Some Americans should look beyond disassembling phones: Global Times editorial
Published: Sep 06, 2023 12:34 AM
The photo taken on August 30, 2023 shows the Huawei flagship store on Nanjing Road, Shanghai. Photo: VCG

The photo taken on August 30, 2023 shows the Huawei flagship store on Nanjing Road, Shanghai. Photo: VCG

Although some mainstream US media and the US government maintain a "reserved" style of silence, Huawei's latest flagship mobile phone, Mate 60 Pro, continues to send shockwaves in the US public opinion field. Bloomberg commissioned a professional organization to disassemble the new phone, looking for clues about how far China's technology has gone. Some simply claimed that the development was a "slap in the face" to the US. We can feel that the shock shown by American public opinion is real. It boils down to two main questions: Has Huawei succeeded? Has America failed?

As a company, what mobile phones Huawei launches and what technologies it uses have nothing to do with the US and should not attract such attention. Disassembling devices is a routine practice for professionals in the technology industry to understand new products, and it is mostly a personal activity. However, it is abnormal for the US media to commission organizations to disassemble a mobile phone, making a big fuss about it.

Just imagine, if a China media "disassembled" an iPhone with a "search" mentality to analyze what new technologies it has developed with a magnifying glass, it would obviously be considered "senseless." And frankly speaking, Chinese society as a whole is happy to see technological advancement of American products. Almost no one would think that those advancements mean China's failure, and no one would feel that it is a "slap in the face." The actions of disassembling a phone ultimately reflect Washington's pathological psychology.

The reason why some American elites are surprised is that they generally believe that China cannot make high-end chips on its own. According to Kevin Klyman, a technology policy researcher at Harvard University, the US has done its best to undermine China's semiconductor industry by taking a really unprecedented step and launching a surgical strike on that industry. He also said that "It has been an extraordinary success beyond anyone's wildest dreams that the Netherlands and Japan have joined US export controls to the hilt."However, due to such crazy suppression, things suddenly appeared beyond "control" in the areas that the US considered most confident and critical. For some politicians in Washington with extremely distorted mentality toward China, this is enough to overwhelm them.

We advise some Americans to deconstruct and reconstruct their concept of China's technical development and innovation, in addition to disassembling smartphones. In recent years, not only Huawei but also many other Chinese enterprises have made substantial headway in areas where the US pushed to ban China, such as aerospace, photovoltaics and energy. China has achieved tremendous breakthroughs in these areas and has brought more technological dividends to the world. Thereby, we establish closer ties with the international community. It is reasonable to say that China's tendency toward high-level technological self-reliance and self-strengthening is irreversible. As many Chinese netizens have said: those who cannot kill us will eventually strengthen us.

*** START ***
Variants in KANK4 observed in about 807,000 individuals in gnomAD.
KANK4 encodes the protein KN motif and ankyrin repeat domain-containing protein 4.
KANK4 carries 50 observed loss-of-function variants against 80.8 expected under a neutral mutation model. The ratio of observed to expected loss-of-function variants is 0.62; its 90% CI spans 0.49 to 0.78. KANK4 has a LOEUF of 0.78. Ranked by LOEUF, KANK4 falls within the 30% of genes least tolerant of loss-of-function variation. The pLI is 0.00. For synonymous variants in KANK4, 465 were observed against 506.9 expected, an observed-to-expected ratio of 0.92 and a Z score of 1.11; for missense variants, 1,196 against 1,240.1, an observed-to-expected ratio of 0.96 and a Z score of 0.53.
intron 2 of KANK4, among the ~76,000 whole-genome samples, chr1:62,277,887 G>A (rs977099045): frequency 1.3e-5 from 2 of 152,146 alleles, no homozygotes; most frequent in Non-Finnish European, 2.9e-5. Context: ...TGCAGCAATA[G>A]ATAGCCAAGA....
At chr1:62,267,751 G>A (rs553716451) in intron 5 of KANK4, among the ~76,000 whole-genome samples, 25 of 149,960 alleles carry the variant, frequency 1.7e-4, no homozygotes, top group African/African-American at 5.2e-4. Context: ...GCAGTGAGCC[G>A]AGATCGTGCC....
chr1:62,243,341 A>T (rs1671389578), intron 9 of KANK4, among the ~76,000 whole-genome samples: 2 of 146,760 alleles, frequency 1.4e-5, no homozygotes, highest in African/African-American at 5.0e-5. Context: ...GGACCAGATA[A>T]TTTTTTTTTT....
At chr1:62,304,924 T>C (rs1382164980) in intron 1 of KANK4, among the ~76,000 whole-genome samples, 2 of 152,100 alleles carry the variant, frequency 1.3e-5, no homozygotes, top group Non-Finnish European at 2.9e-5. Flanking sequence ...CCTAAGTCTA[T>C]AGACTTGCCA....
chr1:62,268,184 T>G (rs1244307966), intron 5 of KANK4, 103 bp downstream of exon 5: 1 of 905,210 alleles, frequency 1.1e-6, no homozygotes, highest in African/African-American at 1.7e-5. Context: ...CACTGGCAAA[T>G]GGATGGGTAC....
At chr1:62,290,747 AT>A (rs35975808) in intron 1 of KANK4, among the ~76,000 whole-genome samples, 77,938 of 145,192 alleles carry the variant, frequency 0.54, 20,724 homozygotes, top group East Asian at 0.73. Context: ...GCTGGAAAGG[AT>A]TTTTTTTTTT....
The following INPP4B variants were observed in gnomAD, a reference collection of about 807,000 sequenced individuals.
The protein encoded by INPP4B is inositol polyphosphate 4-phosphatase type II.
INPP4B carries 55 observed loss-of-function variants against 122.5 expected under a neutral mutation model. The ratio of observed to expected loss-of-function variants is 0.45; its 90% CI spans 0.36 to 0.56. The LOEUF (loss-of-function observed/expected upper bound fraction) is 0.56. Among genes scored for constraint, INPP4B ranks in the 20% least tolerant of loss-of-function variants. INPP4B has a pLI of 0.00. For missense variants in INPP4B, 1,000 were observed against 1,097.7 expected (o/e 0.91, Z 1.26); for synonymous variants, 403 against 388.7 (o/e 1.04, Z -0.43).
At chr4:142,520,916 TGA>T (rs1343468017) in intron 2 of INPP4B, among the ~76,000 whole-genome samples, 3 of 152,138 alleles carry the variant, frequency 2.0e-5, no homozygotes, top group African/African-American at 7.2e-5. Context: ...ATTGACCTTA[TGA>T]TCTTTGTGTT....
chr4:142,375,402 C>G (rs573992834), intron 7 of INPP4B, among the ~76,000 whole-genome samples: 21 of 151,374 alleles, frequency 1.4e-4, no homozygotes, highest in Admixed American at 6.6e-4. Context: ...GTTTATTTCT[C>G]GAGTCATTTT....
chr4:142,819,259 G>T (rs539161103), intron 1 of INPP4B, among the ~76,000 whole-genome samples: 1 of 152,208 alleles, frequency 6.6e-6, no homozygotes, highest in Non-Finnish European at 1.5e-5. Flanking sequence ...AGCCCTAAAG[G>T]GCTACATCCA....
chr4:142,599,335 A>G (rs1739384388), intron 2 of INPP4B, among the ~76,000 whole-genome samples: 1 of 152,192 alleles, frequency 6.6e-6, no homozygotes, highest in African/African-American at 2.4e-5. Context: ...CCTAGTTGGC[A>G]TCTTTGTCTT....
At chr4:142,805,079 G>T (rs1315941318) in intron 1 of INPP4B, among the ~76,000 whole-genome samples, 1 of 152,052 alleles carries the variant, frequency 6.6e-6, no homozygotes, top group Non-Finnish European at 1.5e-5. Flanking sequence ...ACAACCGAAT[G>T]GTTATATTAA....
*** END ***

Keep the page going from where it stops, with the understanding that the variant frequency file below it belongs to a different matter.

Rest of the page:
Some US media have conducted "self-reflection" on Huawei's launch of a new phone series, saying that "Huawei chip shows US curbs are porous, not useless." This kind of thinking is like trying to forcefully build a dam in the middle of rushing waves, without considering whether the water can be stopped. In the end, they will find that they have spent a great deal of effort to build an island that traps themselves. Unfortunately, we have not seen Washington deeply reflect on why its restrictions and suppressions have failed and whether some policy measures were wrong, nor have we seen corresponding adjustments being made.

When a Chinese manufacturer releases a new gadget, people in the US will be busy disassembling it with political motives. When China signs a cooperation agreement with another country, the US quickly eavesdrops and goes to that country to "lobby." Sure, let Washington go through these troubles. This kind of self-torment will ultimately consume US' national strength, not China's. Facts have repeatedly proven that US suppression will only strengthen China's determination for independent innovation, self-reliance and opening-up to the outside world. China's progress cannot be stopped. 

It is exceedingly abnormal for one country to regard another country's technical advancement as a threat. In today's deeply globalized society, any technical advancement will eventually benefit all of humanity. The primary criterion for measuring its success is the number of people who will benefit from the technical rewards it brings. In this sense, if Washington continues to cling to a "small yard, high fence" mentality, it will only move further away from its expected "victory."